The market value of their long-term liabilities can be estimated based on the market value of their outstanding long-term debt, the 2017 note. This bond has a coupon of 5.55 and a maturity of 15-Aug-2017. This bond is currently priced at 105.61 on the open market. This price represents the net present value of those cash flows, both the interest and the principle.

JNJ also has another long-term bond on the market. This bond has a maturity of 15-Aug-2037. The coupon on this bond is 5.95%, and the price is 108.90. For the majority of JNJ’s long-term debt, the “other long-term liabilities,” we do not know the structure or nature. Therefore, we shall have to extrapolate the information from the marketed securities and apply it to the other long-term liabilities in order to achieve an estimate of the market value.

To do this, we will average the price of the two bonds on the market, to get an average price of 107.255. The securities would have been issued at par value, which is reflected in the book value. So the average price of the debt currently on the market represents the appreciation over the book value. This gives us a market value for the long-term debt of 107.255 * 18,299 = 19,626.59.

Therefore, the market value capital structure of Johnson & Johnson is as follows:

Equity

Short-Term Liabilities

Long-Term Liabilities

So we can see that the capital structure based on book value is much more heavily weighted towards equity. This reflects a couple of factors. One is that JNJ is not highly leveraged. They have only a couple of major public debt issues, which means that the majority of their liabilities both short-term and long-term flow from operations.

Another factor at play is the disparity between the balance sheet and the stock market valuation. The balance sheet stock issue is low, with the majority of the equity being retained earnings. The stock market, however, is basing its valuation based on expectations of future performance. Retained earnings only reflects past performance, since the profit needs to be earned before it can be translated to the balance sheet.

Weighted Average Cost of Capital

There are several components to the WACC of Johnson & Johnson. We will first compute the before-tax cost of debt, both short-term and long-term. For the short-term debt, we will use an estimate based on the 3-month non-financial CD rate. This is 2.21%.

We shall base the long-term cost of capital on the average yield to maturity of JNJ’s two long-term debt issues. The 2017 issue has a YTM of 4.831%, and the 2037 issue has a YTM of 5.09%. The average of yield to maturity of these two issues is 5.09%.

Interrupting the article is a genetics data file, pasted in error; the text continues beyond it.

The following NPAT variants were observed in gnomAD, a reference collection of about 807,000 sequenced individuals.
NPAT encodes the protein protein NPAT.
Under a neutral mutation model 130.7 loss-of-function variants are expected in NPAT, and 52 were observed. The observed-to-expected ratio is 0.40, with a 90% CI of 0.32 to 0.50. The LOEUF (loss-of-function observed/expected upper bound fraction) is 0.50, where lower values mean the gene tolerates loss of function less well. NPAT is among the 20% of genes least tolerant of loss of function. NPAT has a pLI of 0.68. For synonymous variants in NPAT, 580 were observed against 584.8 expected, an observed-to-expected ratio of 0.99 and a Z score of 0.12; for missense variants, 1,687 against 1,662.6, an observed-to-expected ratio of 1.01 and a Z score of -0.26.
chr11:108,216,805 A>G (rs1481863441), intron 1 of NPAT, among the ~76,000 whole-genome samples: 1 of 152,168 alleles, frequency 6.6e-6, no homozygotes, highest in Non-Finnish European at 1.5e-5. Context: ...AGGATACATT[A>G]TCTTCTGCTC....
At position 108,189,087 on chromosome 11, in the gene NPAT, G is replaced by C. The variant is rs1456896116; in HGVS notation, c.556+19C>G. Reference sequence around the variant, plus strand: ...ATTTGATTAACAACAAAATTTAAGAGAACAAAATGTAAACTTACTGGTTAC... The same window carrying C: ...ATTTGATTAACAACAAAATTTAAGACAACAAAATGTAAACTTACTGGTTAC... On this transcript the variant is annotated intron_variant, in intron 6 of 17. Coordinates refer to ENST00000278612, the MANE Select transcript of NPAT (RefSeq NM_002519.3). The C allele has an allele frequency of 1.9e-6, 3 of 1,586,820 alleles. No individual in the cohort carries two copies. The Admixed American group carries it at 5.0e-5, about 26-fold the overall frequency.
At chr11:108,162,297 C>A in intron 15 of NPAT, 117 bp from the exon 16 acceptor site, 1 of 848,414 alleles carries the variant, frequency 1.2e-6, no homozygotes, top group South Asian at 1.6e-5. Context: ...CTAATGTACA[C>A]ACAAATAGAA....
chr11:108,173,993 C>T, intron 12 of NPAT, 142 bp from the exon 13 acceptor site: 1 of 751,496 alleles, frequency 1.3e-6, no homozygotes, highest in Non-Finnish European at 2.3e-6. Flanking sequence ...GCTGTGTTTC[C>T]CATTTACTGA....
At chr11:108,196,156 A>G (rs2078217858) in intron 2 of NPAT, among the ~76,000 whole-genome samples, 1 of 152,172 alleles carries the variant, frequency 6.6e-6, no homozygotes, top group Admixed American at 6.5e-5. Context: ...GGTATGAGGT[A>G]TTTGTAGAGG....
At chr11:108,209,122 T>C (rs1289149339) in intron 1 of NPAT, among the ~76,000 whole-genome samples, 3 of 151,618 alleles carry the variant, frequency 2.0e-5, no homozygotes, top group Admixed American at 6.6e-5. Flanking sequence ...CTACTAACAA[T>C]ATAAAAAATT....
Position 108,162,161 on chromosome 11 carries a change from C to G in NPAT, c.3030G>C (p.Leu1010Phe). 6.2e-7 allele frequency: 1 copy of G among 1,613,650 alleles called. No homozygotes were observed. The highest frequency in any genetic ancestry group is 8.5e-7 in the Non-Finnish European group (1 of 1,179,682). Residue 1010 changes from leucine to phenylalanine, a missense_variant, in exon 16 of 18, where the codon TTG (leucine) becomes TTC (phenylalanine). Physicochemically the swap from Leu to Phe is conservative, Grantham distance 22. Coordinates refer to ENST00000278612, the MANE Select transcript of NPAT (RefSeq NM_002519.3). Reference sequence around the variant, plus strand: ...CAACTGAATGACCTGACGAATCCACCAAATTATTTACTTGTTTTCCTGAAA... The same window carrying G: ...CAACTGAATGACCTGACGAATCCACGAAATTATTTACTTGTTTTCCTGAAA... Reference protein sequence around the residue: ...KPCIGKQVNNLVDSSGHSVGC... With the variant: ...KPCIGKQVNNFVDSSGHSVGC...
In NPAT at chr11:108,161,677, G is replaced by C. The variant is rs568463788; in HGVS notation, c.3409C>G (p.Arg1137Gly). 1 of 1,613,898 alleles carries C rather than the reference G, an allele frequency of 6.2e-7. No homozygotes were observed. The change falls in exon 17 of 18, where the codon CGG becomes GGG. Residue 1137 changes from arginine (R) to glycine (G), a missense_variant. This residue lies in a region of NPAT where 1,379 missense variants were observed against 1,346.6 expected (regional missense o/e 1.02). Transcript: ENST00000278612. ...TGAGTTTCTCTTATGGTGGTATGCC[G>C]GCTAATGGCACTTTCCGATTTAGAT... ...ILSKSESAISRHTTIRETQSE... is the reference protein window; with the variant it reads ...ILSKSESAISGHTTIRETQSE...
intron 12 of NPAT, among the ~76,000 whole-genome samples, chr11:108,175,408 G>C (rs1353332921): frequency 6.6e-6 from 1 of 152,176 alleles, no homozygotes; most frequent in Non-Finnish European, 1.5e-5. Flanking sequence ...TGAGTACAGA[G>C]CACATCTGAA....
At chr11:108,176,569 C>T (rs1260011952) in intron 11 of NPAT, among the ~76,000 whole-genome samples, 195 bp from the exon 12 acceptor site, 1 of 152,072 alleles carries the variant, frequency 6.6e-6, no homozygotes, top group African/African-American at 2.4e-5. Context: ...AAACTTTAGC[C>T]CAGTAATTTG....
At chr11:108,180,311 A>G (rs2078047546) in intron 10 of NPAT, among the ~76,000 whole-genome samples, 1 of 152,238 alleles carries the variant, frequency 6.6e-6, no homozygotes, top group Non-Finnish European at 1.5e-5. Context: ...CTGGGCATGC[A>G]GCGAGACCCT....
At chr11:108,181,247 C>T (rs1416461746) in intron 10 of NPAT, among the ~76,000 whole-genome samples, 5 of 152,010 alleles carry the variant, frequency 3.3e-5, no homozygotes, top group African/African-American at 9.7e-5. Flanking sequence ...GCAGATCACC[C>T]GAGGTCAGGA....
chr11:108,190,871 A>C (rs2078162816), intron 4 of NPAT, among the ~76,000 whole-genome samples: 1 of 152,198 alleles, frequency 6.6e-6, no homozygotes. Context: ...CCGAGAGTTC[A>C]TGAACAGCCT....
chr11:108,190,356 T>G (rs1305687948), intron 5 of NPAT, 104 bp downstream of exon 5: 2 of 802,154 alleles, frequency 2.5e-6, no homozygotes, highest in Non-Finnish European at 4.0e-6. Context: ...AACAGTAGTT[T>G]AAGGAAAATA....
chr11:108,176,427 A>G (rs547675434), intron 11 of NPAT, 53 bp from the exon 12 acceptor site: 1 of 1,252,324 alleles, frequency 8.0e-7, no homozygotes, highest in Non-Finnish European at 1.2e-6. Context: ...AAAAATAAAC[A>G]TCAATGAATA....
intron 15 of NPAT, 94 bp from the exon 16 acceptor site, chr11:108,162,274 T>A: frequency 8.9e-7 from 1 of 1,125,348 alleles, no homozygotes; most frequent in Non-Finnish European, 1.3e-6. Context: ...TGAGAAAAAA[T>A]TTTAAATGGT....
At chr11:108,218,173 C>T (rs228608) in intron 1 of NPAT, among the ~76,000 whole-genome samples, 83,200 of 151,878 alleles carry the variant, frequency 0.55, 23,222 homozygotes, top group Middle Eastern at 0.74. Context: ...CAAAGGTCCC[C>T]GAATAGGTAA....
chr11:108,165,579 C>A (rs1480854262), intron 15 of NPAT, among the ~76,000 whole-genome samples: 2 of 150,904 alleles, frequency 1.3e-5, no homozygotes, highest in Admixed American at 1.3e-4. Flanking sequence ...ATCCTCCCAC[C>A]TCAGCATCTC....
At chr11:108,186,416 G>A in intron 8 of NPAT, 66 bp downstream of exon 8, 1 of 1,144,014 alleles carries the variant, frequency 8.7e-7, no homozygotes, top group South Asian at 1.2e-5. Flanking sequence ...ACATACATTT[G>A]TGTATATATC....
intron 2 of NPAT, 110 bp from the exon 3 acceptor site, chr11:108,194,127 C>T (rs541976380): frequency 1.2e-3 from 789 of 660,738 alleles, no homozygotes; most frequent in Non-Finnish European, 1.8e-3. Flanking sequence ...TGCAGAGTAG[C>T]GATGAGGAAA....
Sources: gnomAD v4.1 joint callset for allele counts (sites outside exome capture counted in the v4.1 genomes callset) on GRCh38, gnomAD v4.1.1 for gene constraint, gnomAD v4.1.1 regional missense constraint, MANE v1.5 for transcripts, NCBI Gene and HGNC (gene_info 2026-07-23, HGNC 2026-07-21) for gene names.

Next, we shall determine the tax rate so that we may calculate the after-tax cost of short-term and long-term debt. This is an important consideration because interest expense comes off of the income statement before taxes are applied. Therefore, one must compare after-tax cost of debt vs. The cost of equity, which is not subject to tax deduction.

Corporate tax rates fluctuate each year for a variety of reasons. In the case of Johnson & Johnson, their income tax provision for 2007 was significantly lower than it was in the preceding five years, at 20.3%. This is compared with the provisions from the previous four years ranging from 23.2% to 33.6%. Therefore, it is reasonable to assume that the tax rate for JNJ is typically going to higher than the 2007 number. Since the numbers of 2003 and 2004 are far above what they have paid in the past three years, we will estimate their tax rate based on the past three years only. The average tax rate for the past three years has been 22.5%.

The after tax cost of debt is calculated as After-tax dost of debt = (before tax cost of debt) * (1 – tax rate)

When applied to the before-tax short-term cost of debt, the after-tax cost of short-term debt is 1.7127%. When applied to the before-tax cost of long-term debt, the after-tax cost of long-term debt is 3.944%.

To estimate the cost of equity, we can use several different models. The first we shall use is CAPM. The CAPM formula is as follows:

Ra = Rf + B (Rm-Rf), with JNJ being Ra.

The risk free rate is represented by a one-year government security. That rate is 2.32%. The market rate is represented by the average long-term return on the S&P 500 is approximately 7%. The beta for JNJ is 0.34. This gives us a CAPM calculation of:

Ra = 2.32 + (0.34)(7-2.32), which computes to a cost of equity for Johnson & Johnson of 3.9112%.

Another model is the discounted cash flow model. The DCF calculation is as follows:

(D/P)*(1+g)+g, where k is the discount rate, D is the dividend, P is the stock price, and g is the expected dividend growth rate. The current dividend is $1.84, and the current stock price is $68.61. The dividend growth over the past five years has been 15.3%, so a 3.06% average. Thus the DCF calculation is:

(1.84 / 68.61) * (1 +.0306) +.0306, which gives us a discount rate of 5.82%

The third method for calculating the cost of equity is bond yield plus risk premium. The bond yield we established as 5.09%. The risk premium on JNJ is reflected it its beta, and the risk-free bond rate is 2.21%. With a beta of 0.34, the risk premium is 0.75, so the cost of equity is 5.84% using this method.